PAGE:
Review: 2006 Jeep Grand Cherokee

The Manufacturer

There's a full complement of safety equipment available for the Grand Cherokee, but you have to pay extra for most of it. Front airbags, a tire-pressure monitoring system, and traction control are standard. On the options list are a ParkSense rear backup system (very useful with the Grand Cherokee's high rear window and fat pillars), front and rear side curtain airbags, and an electronic stability-control system. Check all these options boxes and the Grand Cherokee is competitive with most other luxury SUVs.

Jeep gives you the choice of tepid (the 3.7-liter/210-horse V-6), adequate (the 4.7-liter/235-horse V-8), rowdy (5.7-liter/330-horse V-8), or extreme (the 6.1-liter/415-horse Hemi V-8). In addition to standard RWD, there's a choice of three 4WD systems from single-range, all-wheel-drive with open differentials (Quadra-Trac) to the dual-range Quadra-Trac II, to Quadra-Drive II, which offers low range and electronic limited-slip front and rear differentials that can transfer engine power to the wheel with the most traction almost instantly. All engines are backed by a five-speed automatic transmission.

The theme here is choice, but the 5.7-liter Hemi is a nice way to go. In addition to providing gobs of torque, the Hemi employs a "multi-displacement system" that can shut down half the cylinders under light loads to improve fuel economy. Fuel economy in a V-8-powered SUV is a relative thing, but the Hemi's 19 mpg highway rating isn't bad in this class, and it matches that of the much less powerful 4.7-liter V-8.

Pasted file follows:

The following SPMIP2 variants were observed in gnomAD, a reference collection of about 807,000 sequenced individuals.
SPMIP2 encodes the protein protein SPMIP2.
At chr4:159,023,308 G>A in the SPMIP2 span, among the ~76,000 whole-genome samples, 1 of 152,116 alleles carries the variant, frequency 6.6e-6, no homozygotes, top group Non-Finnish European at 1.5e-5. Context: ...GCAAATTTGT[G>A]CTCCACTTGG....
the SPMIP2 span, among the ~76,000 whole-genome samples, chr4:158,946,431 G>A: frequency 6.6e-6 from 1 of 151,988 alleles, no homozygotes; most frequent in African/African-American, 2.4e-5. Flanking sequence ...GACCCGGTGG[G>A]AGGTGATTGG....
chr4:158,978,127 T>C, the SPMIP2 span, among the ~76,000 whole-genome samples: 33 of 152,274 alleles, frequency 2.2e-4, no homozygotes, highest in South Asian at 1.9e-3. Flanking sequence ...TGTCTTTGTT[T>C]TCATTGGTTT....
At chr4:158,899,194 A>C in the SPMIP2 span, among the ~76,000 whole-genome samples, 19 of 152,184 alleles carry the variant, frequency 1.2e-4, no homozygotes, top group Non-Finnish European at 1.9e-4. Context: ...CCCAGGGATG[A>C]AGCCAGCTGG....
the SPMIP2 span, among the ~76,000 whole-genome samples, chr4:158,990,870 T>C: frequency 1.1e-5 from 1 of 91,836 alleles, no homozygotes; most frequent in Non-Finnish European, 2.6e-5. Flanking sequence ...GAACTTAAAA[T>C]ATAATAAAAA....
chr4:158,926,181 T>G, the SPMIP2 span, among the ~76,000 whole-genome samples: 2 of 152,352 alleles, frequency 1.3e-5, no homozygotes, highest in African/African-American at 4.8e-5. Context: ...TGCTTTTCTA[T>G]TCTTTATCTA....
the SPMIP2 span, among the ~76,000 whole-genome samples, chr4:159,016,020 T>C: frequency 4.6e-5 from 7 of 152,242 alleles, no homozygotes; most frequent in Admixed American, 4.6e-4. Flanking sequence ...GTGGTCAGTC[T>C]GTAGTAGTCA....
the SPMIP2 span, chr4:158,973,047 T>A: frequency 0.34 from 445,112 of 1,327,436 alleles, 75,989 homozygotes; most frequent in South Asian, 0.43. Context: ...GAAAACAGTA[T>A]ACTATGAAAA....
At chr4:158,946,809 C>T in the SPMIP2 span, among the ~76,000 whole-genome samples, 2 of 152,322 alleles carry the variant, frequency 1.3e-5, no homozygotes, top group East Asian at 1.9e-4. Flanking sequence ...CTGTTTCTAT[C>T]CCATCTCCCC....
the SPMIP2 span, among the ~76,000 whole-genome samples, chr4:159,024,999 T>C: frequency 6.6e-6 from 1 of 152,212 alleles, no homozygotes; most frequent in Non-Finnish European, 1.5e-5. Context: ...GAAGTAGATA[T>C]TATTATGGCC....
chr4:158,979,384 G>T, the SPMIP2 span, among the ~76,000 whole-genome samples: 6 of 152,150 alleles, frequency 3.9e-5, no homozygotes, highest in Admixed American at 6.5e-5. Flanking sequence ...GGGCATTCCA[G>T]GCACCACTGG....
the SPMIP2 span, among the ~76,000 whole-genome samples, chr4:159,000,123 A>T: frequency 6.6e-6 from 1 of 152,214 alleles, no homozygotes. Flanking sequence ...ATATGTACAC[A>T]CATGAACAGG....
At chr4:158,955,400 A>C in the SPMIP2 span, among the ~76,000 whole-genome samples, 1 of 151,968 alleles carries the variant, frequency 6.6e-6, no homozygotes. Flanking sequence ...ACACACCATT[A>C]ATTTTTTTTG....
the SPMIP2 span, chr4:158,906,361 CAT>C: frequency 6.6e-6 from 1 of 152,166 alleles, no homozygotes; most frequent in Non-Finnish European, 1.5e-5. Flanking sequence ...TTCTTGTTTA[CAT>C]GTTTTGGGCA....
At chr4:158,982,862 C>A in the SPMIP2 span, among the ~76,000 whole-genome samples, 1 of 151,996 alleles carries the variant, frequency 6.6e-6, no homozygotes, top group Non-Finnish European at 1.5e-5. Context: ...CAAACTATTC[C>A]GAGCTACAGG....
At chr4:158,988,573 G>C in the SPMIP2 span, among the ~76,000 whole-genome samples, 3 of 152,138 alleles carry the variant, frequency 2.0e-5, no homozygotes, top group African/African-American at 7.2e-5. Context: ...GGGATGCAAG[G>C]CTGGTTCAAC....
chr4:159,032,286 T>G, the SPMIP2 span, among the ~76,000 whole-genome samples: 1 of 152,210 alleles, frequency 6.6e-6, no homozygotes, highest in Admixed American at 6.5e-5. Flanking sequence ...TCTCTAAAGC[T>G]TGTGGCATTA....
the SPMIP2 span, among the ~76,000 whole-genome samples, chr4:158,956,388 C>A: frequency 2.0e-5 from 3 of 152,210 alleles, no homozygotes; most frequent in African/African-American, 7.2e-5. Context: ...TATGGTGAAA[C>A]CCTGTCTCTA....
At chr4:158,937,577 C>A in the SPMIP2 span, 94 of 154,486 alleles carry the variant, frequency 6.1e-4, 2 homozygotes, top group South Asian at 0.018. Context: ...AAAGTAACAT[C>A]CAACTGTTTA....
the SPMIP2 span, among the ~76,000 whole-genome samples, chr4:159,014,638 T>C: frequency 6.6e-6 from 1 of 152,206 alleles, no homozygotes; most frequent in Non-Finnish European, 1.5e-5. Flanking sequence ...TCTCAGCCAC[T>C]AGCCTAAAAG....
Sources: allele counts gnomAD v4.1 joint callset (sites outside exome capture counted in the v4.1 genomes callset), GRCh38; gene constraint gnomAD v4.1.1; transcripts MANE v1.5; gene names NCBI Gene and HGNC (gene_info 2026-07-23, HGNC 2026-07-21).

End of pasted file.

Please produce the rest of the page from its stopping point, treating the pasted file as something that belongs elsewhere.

Jeep made on-road dynamics a much higher priority here than in Grand Cherokees past. While it doesn't have an independent rear suspension, a la the Ford Explorer and Honda Pilot, the new GC does have a revised five-link arrangement, which, together with an independent front suspension, noticeably improves both ride and handling. The ride tends to be on the firm side, though without harshness. The biggest ride weakness is the head toss one experiences in a tall SUV with tight roll control--stutter bumps on one side of the vehicle render a shudder effect on passengers.

The 5.7-liter engine provides more thrust than you probably need, with enough low-rpm grunt to move the vehicle off the line in a hurry without seeming like it's really trying--it's effortless, American-style power. The Hemi also emits a satisfyingly throaty gurgle, and the five-speed automatic transmission offers a manual control mode, another nod to on-road performance. While the Hemi Grand Cherokee's performance slays that of other SUVs in this price class, the SRT-8 version delivers acceleration on par with Chevrolet Corvettes and Porsche 911 Turbos of just a few years ago. Off-road, the Grand Cherokee is downright amazing given its on-road character. Fitted with Quadra-Drive II, the GC can heroically tackle the most extreme terrain, putting it in rare company with the likes of the Land Rover LR3.

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